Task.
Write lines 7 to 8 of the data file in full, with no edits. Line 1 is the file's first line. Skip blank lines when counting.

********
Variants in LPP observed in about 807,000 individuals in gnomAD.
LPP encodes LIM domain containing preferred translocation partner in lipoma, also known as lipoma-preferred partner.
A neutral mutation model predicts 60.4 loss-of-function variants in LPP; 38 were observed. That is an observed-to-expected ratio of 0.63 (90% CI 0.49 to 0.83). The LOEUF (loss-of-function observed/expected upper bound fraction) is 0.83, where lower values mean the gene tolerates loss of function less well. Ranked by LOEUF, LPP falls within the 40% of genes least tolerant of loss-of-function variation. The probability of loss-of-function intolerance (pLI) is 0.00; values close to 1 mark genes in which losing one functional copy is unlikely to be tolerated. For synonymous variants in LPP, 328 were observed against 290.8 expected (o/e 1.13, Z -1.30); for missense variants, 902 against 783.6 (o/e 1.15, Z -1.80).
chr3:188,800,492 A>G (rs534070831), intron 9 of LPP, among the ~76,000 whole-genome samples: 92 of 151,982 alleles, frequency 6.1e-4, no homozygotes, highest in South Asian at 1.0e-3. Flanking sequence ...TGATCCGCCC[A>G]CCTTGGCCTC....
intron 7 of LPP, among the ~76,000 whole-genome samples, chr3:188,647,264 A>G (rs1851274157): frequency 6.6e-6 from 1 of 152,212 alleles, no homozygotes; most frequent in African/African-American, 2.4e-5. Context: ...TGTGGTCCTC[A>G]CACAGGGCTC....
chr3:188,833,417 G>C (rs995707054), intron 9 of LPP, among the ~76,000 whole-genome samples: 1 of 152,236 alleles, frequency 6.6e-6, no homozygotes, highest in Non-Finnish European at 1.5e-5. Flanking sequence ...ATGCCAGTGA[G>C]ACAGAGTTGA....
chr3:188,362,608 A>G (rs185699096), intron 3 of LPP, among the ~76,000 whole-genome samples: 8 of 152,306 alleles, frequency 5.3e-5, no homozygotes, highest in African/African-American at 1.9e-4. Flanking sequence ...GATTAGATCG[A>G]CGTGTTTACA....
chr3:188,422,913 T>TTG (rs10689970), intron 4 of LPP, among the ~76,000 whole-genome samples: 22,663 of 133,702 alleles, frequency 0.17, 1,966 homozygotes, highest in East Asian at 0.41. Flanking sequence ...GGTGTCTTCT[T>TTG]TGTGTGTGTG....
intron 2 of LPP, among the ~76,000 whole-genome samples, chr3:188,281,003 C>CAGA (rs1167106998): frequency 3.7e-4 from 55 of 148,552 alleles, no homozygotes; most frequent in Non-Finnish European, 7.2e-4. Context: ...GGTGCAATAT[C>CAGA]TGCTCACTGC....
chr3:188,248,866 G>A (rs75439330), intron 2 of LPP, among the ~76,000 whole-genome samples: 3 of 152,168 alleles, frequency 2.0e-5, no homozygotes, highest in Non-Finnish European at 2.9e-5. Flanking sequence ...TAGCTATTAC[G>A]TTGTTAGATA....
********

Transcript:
chr3:188,362,608 A>G (rs185699096), intron 3 of LPP, among the ~76,000 whole-genome samples: 8 of 152,306 alleles, frequency 5.3e-5, no homozygotes, highest in African/African-American at 1.9e-4. Flanking sequence ...GATTAGATCG[A>G]CGTGTTTACA....
chr3:188,422,913 T>TTG (rs10689970), intron 4 of LPP, among the ~76,000 whole-genome samples: 22,663 of 133,702 alleles, frequency 0.17, 1,966 homozygotes, highest in East Asian at 0.41. Flanking sequence ...GGTGTCTTCT[T>TTG]TGTGTGTGTG....